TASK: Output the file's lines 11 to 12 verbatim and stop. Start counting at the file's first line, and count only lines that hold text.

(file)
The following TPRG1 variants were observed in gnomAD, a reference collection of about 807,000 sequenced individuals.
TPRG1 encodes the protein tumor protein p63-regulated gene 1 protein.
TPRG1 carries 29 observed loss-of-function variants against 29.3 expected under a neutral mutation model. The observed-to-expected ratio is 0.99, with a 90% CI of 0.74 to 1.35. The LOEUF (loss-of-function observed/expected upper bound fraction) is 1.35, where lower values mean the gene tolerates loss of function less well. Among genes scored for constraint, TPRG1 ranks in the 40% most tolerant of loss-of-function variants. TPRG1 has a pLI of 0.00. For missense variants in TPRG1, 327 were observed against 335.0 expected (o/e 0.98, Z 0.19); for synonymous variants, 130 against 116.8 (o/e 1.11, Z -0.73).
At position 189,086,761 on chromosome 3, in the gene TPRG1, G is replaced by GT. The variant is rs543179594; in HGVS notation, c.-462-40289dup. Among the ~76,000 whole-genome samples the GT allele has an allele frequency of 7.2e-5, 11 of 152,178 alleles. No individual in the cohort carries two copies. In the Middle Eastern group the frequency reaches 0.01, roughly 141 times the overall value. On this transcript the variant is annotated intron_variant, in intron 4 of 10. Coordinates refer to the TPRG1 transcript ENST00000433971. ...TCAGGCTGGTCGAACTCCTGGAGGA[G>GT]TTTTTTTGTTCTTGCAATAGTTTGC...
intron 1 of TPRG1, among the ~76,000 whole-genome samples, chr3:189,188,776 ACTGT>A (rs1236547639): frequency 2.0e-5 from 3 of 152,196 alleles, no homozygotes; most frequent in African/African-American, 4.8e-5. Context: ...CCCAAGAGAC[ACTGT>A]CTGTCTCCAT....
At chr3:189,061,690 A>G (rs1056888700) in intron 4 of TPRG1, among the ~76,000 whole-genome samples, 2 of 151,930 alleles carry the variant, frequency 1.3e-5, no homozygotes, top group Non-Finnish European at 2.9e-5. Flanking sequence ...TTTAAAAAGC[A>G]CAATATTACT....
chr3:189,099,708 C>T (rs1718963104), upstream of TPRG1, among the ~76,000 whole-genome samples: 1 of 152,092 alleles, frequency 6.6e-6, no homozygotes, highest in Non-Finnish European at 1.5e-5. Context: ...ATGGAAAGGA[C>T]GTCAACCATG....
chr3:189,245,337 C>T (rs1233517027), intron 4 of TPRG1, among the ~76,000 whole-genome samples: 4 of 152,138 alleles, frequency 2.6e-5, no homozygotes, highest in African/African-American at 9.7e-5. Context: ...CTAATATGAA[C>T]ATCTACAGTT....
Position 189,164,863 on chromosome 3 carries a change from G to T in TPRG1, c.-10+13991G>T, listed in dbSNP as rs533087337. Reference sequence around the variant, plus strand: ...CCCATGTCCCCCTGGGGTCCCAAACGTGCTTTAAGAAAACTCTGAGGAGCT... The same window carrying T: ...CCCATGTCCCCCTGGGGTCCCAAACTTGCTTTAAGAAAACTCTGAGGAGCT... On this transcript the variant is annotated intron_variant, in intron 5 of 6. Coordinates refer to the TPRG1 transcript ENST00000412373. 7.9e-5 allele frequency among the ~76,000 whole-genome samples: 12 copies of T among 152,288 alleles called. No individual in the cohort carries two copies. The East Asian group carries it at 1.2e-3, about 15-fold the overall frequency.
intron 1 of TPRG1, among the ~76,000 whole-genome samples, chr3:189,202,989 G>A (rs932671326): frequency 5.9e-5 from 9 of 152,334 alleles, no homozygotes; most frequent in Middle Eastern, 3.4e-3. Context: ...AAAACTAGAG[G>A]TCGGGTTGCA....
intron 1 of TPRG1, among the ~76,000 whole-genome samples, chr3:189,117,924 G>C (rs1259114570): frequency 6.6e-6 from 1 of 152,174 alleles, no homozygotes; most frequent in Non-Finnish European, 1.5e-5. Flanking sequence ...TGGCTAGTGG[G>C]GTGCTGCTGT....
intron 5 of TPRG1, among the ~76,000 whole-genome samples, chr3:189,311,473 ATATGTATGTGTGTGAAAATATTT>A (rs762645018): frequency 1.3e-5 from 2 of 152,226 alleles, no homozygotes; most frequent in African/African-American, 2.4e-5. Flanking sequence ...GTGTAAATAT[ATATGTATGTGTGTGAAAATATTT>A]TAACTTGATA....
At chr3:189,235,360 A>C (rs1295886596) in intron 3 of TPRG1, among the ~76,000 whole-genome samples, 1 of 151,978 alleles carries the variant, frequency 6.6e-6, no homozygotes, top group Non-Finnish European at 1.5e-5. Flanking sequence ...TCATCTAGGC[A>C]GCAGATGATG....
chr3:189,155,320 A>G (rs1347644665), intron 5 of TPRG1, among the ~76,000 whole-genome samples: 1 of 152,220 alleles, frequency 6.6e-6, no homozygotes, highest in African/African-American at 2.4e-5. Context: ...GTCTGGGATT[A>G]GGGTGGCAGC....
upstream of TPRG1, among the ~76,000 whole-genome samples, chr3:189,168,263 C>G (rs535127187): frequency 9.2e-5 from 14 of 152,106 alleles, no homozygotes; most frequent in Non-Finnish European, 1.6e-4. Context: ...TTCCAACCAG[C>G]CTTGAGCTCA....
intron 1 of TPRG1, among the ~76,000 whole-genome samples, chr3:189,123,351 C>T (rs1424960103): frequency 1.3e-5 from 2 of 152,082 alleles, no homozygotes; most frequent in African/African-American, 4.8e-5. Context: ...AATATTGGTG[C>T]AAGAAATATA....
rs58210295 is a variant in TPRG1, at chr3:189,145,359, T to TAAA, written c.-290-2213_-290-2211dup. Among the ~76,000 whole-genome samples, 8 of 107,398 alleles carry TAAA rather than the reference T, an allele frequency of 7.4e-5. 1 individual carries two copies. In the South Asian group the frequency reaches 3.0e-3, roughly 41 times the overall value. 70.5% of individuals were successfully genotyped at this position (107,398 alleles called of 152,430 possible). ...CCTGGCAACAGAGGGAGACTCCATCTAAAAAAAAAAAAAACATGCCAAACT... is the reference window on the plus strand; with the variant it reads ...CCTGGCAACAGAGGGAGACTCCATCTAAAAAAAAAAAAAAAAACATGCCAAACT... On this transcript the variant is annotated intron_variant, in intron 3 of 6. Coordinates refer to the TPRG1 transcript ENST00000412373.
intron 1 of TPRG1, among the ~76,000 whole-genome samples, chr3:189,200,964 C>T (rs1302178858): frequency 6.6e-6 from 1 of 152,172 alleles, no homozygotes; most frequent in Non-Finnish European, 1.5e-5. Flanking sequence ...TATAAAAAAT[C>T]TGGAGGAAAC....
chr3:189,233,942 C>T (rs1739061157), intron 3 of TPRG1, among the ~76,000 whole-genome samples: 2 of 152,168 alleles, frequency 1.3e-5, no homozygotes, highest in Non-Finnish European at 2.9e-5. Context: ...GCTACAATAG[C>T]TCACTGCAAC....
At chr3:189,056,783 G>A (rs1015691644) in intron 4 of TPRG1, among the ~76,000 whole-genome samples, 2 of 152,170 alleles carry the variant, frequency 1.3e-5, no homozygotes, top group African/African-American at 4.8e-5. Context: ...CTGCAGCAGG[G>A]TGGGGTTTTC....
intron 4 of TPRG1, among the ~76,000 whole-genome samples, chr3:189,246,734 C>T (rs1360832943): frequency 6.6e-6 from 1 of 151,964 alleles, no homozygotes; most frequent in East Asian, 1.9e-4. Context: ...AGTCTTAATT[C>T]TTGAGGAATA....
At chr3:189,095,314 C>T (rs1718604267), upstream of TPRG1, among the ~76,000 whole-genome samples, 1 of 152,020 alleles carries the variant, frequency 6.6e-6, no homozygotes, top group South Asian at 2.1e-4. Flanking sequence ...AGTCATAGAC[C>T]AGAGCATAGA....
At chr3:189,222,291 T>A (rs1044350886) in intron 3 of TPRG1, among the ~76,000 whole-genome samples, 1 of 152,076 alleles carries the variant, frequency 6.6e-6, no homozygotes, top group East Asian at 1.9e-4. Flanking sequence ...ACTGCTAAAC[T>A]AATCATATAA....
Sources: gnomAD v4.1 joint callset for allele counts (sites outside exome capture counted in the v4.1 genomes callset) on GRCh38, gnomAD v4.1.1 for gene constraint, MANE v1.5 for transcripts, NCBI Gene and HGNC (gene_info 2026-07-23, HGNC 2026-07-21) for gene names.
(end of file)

intron 1 of TPRG1, among the ~76,000 whole-genome samples, chr3:189,117,924 G>C (rs1259114570): frequency 6.6e-6 from 1 of 152,174 alleles, no homozygotes; most frequent in Non-Finnish European, 1.5e-5. Flanking sequence ...TGGCTAGTGG[G>C]GTGCTGCTGT....
intron 5 of TPRG1, among the ~76,000 whole-genome samples, chr3:189,311,473 ATATGTATGTGTGTGAAAATATTT>A (rs762645018): frequency 1.3e-5 from 2 of 152,226 alleles, no homozygotes; most frequent in African/African-American, 2.4e-5. Flanking sequence ...GTGTAAATAT[ATATGTATGTGTGTGAAAATATTT>A]TAACTTGATA....